A long time later I learned that she had experienced a nervous breakdown and been taken to an institution in a nearby quiet country town to recuperate. I was not to see my mother again for more than twenty years, by which time my name was changed and I was a full-grown man living in America, thousands of miles away in California. I was known to most people of the world by sight and by name, yet not to my mother.

It was only recently that I recognized a clue to the cause of mother's retreat within herself. Some years prior to my birth my parents had another child. Their firstborn. A baby boy who, alas, died of some sort of convulsions after only a few months of life. My mother, I learned, sat beside his cot night and day, loving, caring and praying for him, until she was exhausted; and one night, after the doctor ordered her to bed for a few hours to avoid a collapse, her baby died as she slept. Perhaps such a shock, the suppression of such a memory, was the reason for her ultimate withdrawal from the world.

Today at eight-six my mother is well, very active, wiry and witty, and extremely good company. Sometimes we laugh together until tears come into our eyes. She is a small woman, and looking at her, I often puzzle how I grew to be 6'2". She shops tenaciously for small antiques and local dealers have learned either to put up the price in advance so that they can pull it down later, or, if they're lucky enough to see her coming, pull down the shutters and close the doors, to protect themselves from the impact of her charms and the honesty of her age. She does her own marketing and every bit of her own housework -- in a house that, by provincial standards, is by no means small -- and whenever it's suggested that she get someone to help her she avers she can do it better herself, dear, that she doesn't want anyone around telling her what to do or getting in her way, dear, and that the very fact of the occupation keeps her going, you see, dear. All of which is undoubtedly true.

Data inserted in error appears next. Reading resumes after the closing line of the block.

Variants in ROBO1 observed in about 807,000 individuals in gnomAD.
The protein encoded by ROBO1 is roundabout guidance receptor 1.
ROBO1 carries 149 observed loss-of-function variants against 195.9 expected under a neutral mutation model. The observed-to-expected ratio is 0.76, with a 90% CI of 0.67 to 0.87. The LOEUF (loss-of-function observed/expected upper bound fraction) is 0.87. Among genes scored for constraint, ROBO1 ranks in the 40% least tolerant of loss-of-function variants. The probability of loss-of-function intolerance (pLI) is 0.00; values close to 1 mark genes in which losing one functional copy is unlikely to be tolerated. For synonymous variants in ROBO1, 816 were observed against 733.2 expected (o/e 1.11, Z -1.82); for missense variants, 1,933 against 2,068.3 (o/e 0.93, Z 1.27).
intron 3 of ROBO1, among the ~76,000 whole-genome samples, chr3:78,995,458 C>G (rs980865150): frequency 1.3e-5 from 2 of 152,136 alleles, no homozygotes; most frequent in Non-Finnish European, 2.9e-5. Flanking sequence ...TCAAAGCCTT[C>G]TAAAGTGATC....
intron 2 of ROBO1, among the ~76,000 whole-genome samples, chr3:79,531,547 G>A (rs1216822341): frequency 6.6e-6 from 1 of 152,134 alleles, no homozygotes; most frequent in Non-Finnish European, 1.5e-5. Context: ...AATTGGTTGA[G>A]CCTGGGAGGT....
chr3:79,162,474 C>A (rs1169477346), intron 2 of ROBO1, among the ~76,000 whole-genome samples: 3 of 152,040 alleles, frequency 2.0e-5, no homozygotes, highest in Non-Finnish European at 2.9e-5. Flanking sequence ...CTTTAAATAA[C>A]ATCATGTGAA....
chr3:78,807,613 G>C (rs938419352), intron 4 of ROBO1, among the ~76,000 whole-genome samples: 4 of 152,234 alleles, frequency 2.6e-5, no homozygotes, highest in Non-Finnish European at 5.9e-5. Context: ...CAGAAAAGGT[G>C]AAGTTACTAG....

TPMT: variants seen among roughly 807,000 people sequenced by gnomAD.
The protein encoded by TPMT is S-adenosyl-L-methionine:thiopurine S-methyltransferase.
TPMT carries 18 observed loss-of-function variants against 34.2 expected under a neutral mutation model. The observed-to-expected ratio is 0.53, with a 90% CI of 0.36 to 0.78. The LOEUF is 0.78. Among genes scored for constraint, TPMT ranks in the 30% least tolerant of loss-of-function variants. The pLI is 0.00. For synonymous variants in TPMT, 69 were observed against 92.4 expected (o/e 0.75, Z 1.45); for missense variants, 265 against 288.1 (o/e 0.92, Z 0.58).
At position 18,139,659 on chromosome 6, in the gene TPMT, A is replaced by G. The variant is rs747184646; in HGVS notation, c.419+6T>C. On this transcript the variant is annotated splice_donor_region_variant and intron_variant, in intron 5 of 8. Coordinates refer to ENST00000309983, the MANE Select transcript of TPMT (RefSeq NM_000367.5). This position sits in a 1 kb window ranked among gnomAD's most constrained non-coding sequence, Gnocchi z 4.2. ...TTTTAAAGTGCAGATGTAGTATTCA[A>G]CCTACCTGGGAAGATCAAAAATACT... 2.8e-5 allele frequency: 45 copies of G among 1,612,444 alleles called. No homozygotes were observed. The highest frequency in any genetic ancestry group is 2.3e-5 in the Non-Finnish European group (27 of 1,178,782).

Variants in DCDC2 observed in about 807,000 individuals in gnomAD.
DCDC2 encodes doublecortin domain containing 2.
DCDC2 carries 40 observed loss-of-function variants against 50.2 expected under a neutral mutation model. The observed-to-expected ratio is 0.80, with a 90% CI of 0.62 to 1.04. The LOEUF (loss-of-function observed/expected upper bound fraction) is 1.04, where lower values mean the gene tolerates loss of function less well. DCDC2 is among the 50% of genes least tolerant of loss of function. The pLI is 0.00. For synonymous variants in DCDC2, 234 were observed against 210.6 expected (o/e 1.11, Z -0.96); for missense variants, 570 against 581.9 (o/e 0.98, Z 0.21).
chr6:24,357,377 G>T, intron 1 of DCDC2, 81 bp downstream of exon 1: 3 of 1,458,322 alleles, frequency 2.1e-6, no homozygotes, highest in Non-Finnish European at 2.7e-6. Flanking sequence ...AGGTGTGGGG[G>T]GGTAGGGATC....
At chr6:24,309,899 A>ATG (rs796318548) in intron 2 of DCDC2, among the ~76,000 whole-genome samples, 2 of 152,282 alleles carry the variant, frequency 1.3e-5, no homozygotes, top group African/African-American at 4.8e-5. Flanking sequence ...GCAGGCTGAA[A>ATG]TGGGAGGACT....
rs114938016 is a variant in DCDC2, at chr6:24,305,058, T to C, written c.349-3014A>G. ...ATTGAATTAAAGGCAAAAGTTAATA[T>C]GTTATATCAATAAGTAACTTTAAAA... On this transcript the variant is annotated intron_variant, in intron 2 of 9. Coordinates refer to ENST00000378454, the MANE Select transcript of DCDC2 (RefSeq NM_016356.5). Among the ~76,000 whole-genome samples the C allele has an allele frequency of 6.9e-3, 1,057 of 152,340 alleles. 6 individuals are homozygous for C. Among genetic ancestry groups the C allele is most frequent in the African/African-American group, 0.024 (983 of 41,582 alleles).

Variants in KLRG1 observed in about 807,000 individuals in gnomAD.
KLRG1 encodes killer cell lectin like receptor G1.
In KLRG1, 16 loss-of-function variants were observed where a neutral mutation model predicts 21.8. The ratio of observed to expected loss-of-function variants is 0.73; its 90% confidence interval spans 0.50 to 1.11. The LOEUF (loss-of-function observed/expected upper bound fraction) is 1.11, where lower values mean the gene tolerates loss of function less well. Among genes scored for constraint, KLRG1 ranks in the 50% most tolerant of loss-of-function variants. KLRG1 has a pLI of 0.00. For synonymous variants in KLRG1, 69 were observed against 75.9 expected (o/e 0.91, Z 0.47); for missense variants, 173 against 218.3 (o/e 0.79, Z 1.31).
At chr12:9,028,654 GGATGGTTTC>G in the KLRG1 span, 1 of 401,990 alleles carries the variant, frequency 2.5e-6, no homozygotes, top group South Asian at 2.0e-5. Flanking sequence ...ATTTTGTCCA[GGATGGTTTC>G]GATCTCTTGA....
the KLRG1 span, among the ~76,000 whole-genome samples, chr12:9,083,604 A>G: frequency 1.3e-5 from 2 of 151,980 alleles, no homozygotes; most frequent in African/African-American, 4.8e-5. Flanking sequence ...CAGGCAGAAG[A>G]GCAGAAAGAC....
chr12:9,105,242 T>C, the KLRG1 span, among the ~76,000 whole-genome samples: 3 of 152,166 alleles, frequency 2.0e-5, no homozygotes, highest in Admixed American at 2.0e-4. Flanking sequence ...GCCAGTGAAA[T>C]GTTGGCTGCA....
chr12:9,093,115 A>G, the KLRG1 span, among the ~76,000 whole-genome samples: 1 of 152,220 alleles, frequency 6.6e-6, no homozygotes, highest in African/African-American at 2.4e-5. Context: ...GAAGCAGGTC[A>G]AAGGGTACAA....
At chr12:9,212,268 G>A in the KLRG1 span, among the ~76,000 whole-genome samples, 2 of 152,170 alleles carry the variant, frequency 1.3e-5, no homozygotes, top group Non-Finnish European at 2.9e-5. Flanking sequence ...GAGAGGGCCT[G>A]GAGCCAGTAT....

I first found out about the birds and the bees listening to a youthful corner slouch one summer evening under a streetlamp at the end of our street. I didn't appreciate the information, nor was I sure it was correct, and something about the young man's smirkingly patronizing manner while doling out the details made me heartily dislike him from that moment on. His information proved to be correct, as I later found out; though it was many years before I had the courage to put it to a test. It turned out to be a workable and pleasurable theory, and civilization's certainly go hold of a good thing there, but I still haven't forgiven that young man.

During the war we were issued ration books for our food, and unless one was a relative or gushingly familiar with the local grocer, there was little hope of obtaining either sugar or butter, and absolutely no chance for importations of any kind. I grew accustomed to drinking my tea without sugar, and still do not use it in either tea or coffee. However, at that time I didn't appreciate the beneficial quality or the taste of margarine. I missed butter very much. Today I eat margarine again.